Senior military officials at the Pentagon and officers in command positions in the services have opposed a Senate proposal to strip commanders of the power to decide which sexual-assault complaints are taken forward to trial. (AFP/Getty Images)

The number of military service members who reported that they had been sexually assaulted rose by 8 percent over the past year, according to a new Defense Department report that is sure to add fuel to a debate in Congress over whether the military is effectively prosecuting sex crimes.

Despite the climb, the Pentagon cited progress on a number of fronts in its report, an annual assessment of its efforts to prevent sexual assault.

For instance, on the basis of an anonymous biannual survey of service members, the military estimated that 19,000 troops were victims of “unwanted sexual contact,” a definition that includes a wide variety of offenses. That figure was down sharply from an estimated 26,000 two years ago, but back at roughly the same level that was reported in 2010.

While most sexual-assault victims are apparently still unwilling to come forward, the report found improvement there as well, estimating that 24 percent of victims filed reports with a military authority during the fiscal year that ended Sept. 30, up from 11 percent two years earlier.

The Pentagon has been under pressure to show it has made progress in preventing and prosecuting sex offenses, amid threats by lawmakers to overhaul the military justice system and strip commanders of their power to oversee such cases.

People on both sides of the debate had been awaiting the results of the Pentagon’s report, which Defense Secretary Chuck Hagel is scheduled to unveil Thursday. A copy was obtained in advance by CNN, which posted it online Wednesday night.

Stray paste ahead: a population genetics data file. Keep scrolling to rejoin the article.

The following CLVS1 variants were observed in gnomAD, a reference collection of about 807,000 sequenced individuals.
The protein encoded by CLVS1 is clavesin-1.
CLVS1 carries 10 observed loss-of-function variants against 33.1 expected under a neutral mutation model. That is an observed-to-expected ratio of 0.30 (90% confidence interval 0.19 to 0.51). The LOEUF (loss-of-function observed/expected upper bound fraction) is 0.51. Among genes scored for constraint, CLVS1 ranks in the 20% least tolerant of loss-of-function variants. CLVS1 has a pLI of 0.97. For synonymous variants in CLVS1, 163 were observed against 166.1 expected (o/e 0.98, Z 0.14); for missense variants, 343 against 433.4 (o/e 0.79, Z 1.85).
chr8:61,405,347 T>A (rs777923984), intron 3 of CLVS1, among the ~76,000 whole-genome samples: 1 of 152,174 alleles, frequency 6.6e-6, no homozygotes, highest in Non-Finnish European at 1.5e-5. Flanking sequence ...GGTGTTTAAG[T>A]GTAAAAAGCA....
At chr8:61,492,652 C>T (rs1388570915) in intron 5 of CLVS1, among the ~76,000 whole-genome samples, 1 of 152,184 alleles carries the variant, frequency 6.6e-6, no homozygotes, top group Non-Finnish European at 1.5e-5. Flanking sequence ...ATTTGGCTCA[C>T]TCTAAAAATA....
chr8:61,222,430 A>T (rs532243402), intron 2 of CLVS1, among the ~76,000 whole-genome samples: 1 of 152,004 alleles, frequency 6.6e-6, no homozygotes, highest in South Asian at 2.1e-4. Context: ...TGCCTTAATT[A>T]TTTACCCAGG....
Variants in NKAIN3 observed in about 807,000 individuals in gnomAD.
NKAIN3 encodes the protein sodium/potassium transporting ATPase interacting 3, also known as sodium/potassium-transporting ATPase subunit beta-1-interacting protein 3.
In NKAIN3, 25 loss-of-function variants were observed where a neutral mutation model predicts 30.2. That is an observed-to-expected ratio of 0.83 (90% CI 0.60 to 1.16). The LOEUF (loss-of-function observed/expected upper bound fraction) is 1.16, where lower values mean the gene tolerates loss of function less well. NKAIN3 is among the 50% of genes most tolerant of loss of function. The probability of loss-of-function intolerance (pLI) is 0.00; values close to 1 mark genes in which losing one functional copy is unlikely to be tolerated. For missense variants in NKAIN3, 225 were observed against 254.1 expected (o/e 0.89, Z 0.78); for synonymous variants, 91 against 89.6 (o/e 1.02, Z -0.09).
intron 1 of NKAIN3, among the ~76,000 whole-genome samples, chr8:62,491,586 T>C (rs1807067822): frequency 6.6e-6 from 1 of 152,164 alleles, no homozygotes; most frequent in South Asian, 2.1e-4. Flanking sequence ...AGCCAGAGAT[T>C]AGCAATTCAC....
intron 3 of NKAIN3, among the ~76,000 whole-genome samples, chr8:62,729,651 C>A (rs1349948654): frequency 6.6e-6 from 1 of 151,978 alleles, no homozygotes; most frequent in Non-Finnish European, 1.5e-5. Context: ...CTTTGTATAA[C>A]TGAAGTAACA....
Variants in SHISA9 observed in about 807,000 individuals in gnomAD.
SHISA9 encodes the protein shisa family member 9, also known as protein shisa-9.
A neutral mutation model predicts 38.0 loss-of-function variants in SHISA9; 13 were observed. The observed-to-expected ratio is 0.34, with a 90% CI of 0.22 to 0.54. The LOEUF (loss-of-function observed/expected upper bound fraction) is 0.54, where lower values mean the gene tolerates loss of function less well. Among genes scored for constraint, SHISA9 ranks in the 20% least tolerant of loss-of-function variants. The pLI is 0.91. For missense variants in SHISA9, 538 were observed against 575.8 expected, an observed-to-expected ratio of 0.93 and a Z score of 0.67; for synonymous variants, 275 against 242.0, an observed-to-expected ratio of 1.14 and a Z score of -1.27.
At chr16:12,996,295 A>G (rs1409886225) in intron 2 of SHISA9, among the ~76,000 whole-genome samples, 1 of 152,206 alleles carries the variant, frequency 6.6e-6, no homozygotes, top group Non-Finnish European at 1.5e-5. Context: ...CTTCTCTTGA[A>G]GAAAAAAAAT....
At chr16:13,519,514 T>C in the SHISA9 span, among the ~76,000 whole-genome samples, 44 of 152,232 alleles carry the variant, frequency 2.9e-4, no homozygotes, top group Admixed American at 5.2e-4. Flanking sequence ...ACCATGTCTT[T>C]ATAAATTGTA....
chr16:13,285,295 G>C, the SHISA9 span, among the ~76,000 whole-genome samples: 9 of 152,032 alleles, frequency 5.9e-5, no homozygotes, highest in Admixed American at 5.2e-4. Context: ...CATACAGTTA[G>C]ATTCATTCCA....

Overall, the military received 5,983 sexual-assault reports last year, compared with 5,518 the year before. That came on top of an even sharper increase in 2013, when the Pentagon reported a 50 percent jump that shocked many lawmakers and advocacy groups.

Military leaders and some lawmakers said the rise is not necessarily evidence that crimes have become more prevalent, but rather that victims are more willing to trust the system and file reports.

“Reporting of assaults being up and incidents of assault being down are exactly the combination we’re looking for,” Sen. Claire McCaskill (D-Mo.), a member of the Armed Services Committee, said in a statement.

The Pentagon has been conducting a high-profile campaign to prevent sexual assault and punish offenders amid concerns that it neglected the problem for years.

Despite those efforts, the Defense Department has been embarrassed by several high-profile cases involving senior officers and reports that some commanders have been reluctant to hold accountable those who are accused of sexual offenses.

Congress has already sought to address the problem by imposing a number of changes to the military’s legal system, including ending the statute of limitations on assault and rape cases and making it a crime to retaliate against those who report such crimes.

In March, a majority of the Senate — representing both parties — voted in favor of a more aggressive bill that would have taken away the ability of military commanders to decide which cases should go to court-martial and given those powers to uniformed prosecutors instead. But the bill came up five votes short of the 60 needed to pass a procedural hurdle.

Supporters of that proposal, led by Sen. Kirsten Gillibrand (D-N.Y.), said this week that they would seek another vote by the end of the year.

Both sides are expected to seize on details from the Pentagon’s annual report as ammunition for their arguments.

For instance, Gillibrand noted that the Pentagon’s new data showed that 62 percent of those who reported being sexually assaulted had experienced retaliation or ostracism afterward, whether from superiors or peers in the service. She called that figure “a screaming red flag.” In the report, Defense Department officials said they were also “extremely concerned” by the finding.

The military brass has strongly opposed Gillibrand’s bill, saying that it would undermine commanders’ overall authority and their ability to maintain order and discipline in their units.